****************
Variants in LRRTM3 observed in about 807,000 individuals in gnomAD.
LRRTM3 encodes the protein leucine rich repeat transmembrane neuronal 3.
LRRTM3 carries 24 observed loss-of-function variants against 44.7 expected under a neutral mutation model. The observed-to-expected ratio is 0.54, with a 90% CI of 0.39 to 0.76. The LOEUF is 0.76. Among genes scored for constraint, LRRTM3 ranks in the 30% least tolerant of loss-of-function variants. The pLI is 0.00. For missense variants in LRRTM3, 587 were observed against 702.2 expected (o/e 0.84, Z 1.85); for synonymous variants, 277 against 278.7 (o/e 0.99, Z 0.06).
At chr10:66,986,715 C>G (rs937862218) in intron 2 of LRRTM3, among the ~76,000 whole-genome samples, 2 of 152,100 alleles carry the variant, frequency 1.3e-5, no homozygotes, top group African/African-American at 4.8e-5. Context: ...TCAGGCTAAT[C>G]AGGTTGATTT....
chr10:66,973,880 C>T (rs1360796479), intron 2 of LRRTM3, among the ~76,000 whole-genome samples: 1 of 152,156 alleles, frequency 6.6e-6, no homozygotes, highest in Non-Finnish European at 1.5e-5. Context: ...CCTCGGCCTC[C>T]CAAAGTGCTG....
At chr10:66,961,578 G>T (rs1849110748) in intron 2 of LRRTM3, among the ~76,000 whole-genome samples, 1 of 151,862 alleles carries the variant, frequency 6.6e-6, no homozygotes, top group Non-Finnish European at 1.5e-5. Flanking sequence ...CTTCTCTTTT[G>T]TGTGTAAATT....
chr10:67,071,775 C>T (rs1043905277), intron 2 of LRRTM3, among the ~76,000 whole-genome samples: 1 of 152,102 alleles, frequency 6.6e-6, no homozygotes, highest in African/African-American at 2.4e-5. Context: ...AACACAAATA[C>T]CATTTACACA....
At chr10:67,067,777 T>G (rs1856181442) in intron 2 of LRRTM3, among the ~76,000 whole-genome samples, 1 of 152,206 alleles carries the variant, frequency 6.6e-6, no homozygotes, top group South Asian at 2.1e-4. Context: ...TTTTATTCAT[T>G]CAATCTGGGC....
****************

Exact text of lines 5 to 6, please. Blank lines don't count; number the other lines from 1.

chr10:66,973,880 C>T (rs1360796479), intron 2 of LRRTM3, among the ~76,000 whole-genome samples: 1 of 152,156 alleles, frequency 6.6e-6, no homozygotes, highest in Non-Finnish European at 1.5e-5. Context: ...CCTCGGCCTC[C>T]CAAAGTGCTG....
At chr10:66,961,578 G>T (rs1849110748) in intron 2 of LRRTM3, among the ~76,000 whole-genome samples, 1 of 151,862 alleles carries the variant, frequency 6.6e-6, no homozygotes, top group Non-Finnish European at 1.5e-5. Flanking sequence ...CTTCTCTTTT[G>T]TGTGTAAATT....